Imagine living under the threat of the most horrific situation you’ve ever experienced in your life popping up in your brain at any given moment. This is the reality of someone living with post-traumatic stress (PTS), a mental health condition that affects many of our returning Service Members and Military Veterans. While stigma surrounding depression and anxiety has lessened in recent years, post-traumatic stress (PTS) is still surrounded by many myths and stigmas that not only keep people unable to access treatment but also fearful of sharing their experiences with others.
For our Service Members, Veterans and Military Family community, Home Base recognizes the added critical additional stressors of this particular lifestyle, such as acute trauma, sustained deployment-related threat, repeated prolonged deployments, and traumatic brain injuries may increase the chance that someone will develop PTS.
And the statistics stand true. According to the National Center for PTSD, the number of Veterans with PTS varies by service era:
- Operations Iraqi Freedom (OIF) and Enduring Freedom (OEF): About 11-20 out of every 100 Veterans (or between 11-20%) who served in OIF or OEF have PTS in a given year.
- Gulf War (Desert Storm): About 12 out of every 100 Gulf War Veterans (or 12%) have PTS in a given year.
- Vietnam War: About 15 out of every 100 Vietnam Veterans (or 15%) were currently diagnosed with PTS at the time of the most recent study in the late 1980s, the National Vietnam Veterans Readjustment Study (NVVRS). It is estimated that about 30 out of every 100 (or 30%) of Vietnam Veterans have had PTD in their lifetime.
It’s normal to have upsetting memories, feel on edge, or have trouble sleeping after a traumatic event. At first, it may be hard to do normal daily activities, like go to work, go to school, or spend time with people you care about.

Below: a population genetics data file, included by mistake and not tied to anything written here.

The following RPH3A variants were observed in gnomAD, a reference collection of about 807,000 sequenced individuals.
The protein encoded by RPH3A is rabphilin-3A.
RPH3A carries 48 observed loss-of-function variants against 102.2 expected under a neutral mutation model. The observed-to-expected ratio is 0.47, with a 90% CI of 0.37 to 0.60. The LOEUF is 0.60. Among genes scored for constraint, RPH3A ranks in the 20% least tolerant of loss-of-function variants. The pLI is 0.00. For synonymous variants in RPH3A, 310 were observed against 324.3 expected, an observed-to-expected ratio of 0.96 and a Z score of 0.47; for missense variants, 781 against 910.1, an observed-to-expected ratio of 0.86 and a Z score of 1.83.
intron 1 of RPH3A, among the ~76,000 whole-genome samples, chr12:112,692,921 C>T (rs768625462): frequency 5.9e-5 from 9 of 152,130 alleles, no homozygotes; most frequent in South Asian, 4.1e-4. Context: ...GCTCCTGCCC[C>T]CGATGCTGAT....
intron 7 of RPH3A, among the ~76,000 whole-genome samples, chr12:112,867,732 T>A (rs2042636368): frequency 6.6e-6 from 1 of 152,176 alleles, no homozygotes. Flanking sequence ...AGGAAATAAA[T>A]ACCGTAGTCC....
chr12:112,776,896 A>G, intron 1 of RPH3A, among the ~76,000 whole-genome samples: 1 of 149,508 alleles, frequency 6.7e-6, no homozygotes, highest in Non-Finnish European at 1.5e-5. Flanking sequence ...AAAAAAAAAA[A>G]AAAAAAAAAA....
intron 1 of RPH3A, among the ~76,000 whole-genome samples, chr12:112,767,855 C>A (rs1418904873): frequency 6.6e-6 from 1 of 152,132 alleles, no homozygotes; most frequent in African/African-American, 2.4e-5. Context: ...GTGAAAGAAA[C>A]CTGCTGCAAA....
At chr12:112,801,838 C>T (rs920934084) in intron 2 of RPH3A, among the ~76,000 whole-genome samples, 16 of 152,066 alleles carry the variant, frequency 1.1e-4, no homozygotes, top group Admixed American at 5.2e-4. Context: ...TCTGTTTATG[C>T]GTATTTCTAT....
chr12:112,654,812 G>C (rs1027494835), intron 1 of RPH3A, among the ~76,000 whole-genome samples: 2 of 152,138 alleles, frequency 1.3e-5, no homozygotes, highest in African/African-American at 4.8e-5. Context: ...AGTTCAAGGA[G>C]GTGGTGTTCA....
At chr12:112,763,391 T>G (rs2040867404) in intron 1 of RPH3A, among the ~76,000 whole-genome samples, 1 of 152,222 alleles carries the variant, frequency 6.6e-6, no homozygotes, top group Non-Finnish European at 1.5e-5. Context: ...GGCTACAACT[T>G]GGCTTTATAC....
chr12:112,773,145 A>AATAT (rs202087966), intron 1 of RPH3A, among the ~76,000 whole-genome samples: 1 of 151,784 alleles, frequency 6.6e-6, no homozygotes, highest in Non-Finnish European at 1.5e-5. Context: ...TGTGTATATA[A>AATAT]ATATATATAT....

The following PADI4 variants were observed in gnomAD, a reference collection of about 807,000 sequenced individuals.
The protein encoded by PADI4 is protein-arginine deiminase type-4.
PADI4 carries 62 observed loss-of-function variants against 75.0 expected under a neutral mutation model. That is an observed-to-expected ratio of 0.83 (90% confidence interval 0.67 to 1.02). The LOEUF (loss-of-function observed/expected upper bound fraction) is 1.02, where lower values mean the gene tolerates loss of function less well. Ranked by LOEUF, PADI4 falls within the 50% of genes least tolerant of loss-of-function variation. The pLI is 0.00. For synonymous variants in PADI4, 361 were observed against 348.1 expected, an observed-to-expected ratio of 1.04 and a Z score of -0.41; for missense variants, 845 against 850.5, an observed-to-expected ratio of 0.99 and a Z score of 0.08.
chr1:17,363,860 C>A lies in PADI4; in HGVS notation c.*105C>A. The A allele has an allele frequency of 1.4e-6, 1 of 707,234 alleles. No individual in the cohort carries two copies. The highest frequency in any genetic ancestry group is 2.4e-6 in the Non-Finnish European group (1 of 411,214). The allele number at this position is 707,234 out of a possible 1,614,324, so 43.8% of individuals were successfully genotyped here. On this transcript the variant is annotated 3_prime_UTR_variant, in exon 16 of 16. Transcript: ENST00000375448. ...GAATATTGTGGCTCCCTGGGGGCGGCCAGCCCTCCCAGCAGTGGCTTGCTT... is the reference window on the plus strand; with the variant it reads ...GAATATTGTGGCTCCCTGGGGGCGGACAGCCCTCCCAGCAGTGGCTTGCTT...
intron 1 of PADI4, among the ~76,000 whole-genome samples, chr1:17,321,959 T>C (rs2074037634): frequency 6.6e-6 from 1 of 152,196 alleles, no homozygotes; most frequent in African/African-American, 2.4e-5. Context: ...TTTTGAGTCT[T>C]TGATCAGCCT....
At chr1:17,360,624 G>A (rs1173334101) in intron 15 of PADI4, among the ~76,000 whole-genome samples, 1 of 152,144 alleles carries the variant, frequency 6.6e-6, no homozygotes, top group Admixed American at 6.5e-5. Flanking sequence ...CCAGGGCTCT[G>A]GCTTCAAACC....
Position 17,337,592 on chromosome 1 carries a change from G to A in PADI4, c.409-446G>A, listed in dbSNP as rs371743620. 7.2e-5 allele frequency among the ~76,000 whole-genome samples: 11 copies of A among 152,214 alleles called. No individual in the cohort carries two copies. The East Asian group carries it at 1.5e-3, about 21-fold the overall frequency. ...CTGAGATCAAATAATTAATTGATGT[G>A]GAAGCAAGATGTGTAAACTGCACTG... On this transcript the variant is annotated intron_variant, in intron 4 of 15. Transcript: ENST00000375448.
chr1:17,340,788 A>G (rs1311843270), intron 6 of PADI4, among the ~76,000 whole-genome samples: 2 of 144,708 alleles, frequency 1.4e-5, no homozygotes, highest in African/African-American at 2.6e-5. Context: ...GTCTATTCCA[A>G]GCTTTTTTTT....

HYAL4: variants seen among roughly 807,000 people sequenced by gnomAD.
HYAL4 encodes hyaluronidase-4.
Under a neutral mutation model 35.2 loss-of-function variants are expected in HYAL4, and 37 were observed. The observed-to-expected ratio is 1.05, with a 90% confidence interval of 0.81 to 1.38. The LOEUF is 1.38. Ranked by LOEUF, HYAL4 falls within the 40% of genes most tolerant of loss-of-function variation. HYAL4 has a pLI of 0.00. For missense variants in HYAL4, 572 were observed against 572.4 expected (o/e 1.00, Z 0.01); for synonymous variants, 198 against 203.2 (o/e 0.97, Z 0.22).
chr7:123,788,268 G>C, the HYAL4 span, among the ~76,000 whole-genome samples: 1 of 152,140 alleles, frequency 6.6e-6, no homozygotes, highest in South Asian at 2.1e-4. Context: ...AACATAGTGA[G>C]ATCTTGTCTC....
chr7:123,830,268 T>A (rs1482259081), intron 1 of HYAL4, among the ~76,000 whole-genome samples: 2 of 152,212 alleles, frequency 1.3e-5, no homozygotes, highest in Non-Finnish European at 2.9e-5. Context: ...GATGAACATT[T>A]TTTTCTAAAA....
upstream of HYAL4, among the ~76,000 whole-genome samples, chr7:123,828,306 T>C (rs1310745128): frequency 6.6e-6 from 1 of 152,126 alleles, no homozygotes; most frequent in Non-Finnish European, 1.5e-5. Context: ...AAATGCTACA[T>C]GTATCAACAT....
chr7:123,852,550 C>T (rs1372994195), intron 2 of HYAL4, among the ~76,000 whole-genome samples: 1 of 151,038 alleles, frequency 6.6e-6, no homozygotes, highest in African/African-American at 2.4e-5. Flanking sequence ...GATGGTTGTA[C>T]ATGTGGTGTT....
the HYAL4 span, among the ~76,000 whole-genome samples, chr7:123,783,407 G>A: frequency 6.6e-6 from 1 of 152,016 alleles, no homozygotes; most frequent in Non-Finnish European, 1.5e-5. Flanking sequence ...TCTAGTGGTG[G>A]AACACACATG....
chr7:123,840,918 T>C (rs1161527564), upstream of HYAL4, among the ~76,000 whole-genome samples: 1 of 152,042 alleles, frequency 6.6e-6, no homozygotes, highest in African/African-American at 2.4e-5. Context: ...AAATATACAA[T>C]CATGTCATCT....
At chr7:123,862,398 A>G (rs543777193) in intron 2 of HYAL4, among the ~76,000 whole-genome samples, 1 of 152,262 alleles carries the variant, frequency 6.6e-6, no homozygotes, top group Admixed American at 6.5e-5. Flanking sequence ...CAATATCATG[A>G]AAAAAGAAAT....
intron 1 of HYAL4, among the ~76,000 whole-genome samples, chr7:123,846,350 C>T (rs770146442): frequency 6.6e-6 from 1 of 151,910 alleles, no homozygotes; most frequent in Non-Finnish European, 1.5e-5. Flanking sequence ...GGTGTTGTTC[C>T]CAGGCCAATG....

Symptoms may vary per person, but several features are generally present. Some of the symptoms that may be present include:
- A sense of feeling emotionally numb, even around loved ones
- Needing to avoid certain places, activities or people that may bring the trauma to mind
- A continued re-experiencing of the event as flashbacks or nightmares, difficult memories or intrusive images
- A sense of needing to be extra alert or vigilant
- Reacting with an exaggerated startle response
- Outbursts of irritability or edginess
- Feeling anxious or worried
Home Base can help you face what you’ve been through and provide well-rounded support and care for you and your family. Our seasoned team of clinicians and social workers collaborate with you to develop a highly tailored treatment plan, with the goal of helping to ease or overcome symptoms to enjoy a better quality of life. Some treatment options include the following:
- Family and couples counseling
- Individual talk therapy
- Group Therapy
- Perr Support Groups
- Integrative Therapies such as Yoga, Art & Tai Chi
- Social Activities
- Stress Reduction and Resilience
Through Home Base, you will:
- Explore your thoughts and feelings about what you’ve been through
- Learn how to cope with and control your memories and thoughts
- Address the challenges PTS has caused in your personal and professional life
- Meet other Veterans who have been through similar experiences
- Find support from fellow Veterans and dedicated healthcare professionals
- Engage in wellness interventions aimed at building mental resiliency
If you are a family member of a Veteran or Service Member who may be experiencing symptoms of PTS, there are many things you can do, to include finding support and care through Home Base’s Family Program. At Home Base, we view family broadly. To us, “family” encompasses spouses, partners, parents, siblings, and children, but also anyone who the Veteran considers a member of their support network, including close friends. We believe that when one family member serves, the entire family serves, and to that end, we use a 3-generation model of care. Pioneered by Home Base, the 3-generation model allows us to treat the parents of Veterans (generation one) the spouse/partners/siblings of a Veteran (generation two) and the Veteran’s children (generation three).
Home Base offers clinical care in our regional Outpatient Clinic, peer-to-peer support groups, wellness programs for family members and educational sessions to help family members understand what their loved one is going through. The more you know, the better you and your family can handle the diagnosis.
The most important thing to know about PTS is that no one needs to suffer alone. Getting help increases the likelihood of recovery and Home Base can help you and your loved ones face what you’ve been through.
To make an appointment with Home Base, or to learn more about services available to you and your family, call (617) 724-5202 or email us via our Connect to Care form here.